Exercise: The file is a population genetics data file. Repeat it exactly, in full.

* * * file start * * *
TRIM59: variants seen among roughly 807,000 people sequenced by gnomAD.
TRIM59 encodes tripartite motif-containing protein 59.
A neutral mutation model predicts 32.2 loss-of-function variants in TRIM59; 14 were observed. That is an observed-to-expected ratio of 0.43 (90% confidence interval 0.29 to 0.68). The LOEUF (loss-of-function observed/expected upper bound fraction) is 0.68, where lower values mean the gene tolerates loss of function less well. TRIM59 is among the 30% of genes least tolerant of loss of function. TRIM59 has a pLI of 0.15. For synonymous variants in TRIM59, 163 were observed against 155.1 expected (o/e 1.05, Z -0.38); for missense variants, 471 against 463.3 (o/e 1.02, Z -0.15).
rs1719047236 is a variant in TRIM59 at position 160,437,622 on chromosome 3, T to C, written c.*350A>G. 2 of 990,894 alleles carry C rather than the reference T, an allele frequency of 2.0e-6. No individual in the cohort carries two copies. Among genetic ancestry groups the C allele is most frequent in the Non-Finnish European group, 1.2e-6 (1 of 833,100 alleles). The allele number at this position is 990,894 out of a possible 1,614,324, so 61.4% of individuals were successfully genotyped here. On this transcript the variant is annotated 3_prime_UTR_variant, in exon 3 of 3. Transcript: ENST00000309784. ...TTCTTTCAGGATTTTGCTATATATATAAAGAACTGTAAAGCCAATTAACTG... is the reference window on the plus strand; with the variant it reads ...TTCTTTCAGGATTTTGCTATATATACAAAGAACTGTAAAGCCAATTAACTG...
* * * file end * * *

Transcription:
TRIM59: variants seen among roughly 807,000 people sequenced by gnomAD.
TRIM59 encodes tripartite motif-containing protein 59.
A neutral mutation model predicts 32.2 loss-of-function variants in TRIM59; 14 were observed. That is an observed-to-expected ratio of 0.43 (90% confidence interval 0.29 to 0.68). The LOEUF (loss-of-function observed/expected upper bound fraction) is 0.68, where lower values mean the gene tolerates loss of function less well. TRIM59 is among the 30% of genes least tolerant of loss of function. TRIM59 has a pLI of 0.15. For synonymous variants in TRIM59, 163 were observed against 155.1 expected (o/e 1.05, Z -0.38); for missense variants, 471 against 463.3 (o/e 1.02, Z -0.15).
rs1719047236 is a variant in TRIM59 at position 160,437,622 on chromosome 3, T to C, written c.*350A>G. 2 of 990,894 alleles carry C rather than the reference T, an allele frequency of 2.0e-6. No individual in the cohort carries two copies. Among genetic ancestry groups the C allele is most frequent in the Non-Finnish European group, 1.2e-6 (1 of 833,100 alleles). The allele number at this position is 990,894 out of a possible 1,614,324, so 61.4% of individuals were successfully genotyped here. On this transcript the variant is annotated 3_prime_UTR_variant, in exon 3 of 3. Transcript: ENST00000309784. ...TTCTTTCAGGATTTTGCTATATATATAAAGAACTGTAAAGCCAATTAACTG... is the reference window on the plus strand; with the variant it reads ...TTCTTTCAGGATTTTGCTATATATACAAAGAACTGTAAAGCCAATTAACTG...